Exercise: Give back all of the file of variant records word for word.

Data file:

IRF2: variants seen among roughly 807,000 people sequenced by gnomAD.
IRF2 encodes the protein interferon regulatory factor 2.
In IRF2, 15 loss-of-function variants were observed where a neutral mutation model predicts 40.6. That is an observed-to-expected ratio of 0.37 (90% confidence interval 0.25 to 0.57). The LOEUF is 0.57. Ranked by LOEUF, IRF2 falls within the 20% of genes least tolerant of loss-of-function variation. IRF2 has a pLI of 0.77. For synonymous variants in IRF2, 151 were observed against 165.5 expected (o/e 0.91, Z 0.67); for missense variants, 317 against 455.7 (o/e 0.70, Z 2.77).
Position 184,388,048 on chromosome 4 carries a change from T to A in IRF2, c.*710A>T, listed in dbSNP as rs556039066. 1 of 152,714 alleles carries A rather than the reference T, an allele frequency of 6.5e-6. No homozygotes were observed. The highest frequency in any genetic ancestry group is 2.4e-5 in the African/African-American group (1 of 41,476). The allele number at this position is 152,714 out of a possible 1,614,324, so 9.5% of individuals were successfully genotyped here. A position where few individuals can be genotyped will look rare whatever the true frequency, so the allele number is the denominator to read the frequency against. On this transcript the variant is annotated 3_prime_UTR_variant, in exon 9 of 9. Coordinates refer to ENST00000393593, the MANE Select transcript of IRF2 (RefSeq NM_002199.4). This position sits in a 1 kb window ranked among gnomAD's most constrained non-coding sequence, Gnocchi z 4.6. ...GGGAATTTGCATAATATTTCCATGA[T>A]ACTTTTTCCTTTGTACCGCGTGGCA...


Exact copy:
IRF2: variants seen among roughly 807,000 people sequenced by gnomAD.
IRF2 encodes the protein interferon regulatory factor 2.
In IRF2, 15 loss-of-function variants were observed where a neutral mutation model predicts 40.6. That is an observed-to-expected ratio of 0.37 (90% confidence interval 0.25 to 0.57). The LOEUF is 0.57. Ranked by LOEUF, IRF2 falls within the 20% of genes least tolerant of loss-of-function variation. IRF2 has a pLI of 0.77. For synonymous variants in IRF2, 151 were observed against 165.5 expected (o/e 0.91, Z 0.67); for missense variants, 317 against 455.7 (o/e 0.70, Z 2.77).
Position 184,388,048 on chromosome 4 carries a change from T to A in IRF2, c.*710A>T, listed in dbSNP as rs556039066. 1 of 152,714 alleles carries A rather than the reference T, an allele frequency of 6.5e-6. No homozygotes were observed. The highest frequency in any genetic ancestry group is 2.4e-5 in the African/African-American group (1 of 41,476). The allele number at this position is 152,714 out of a possible 1,614,324, so 9.5% of individuals were successfully genotyped here. A position where few individuals can be genotyped will look rare whatever the true frequency, so the allele number is the denominator to read the frequency against. On this transcript the variant is annotated 3_prime_UTR_variant, in exon 9 of 9. Coordinates refer to ENST00000393593, the MANE Select transcript of IRF2 (RefSeq NM_002199.4). This position sits in a 1 kb window ranked among gnomAD's most constrained non-coding sequence, Gnocchi z 4.6. ...GGGAATTTGCATAATATTTCCATGA[T>A]ACTTTTTCCTTTGTACCGCGTGGCA...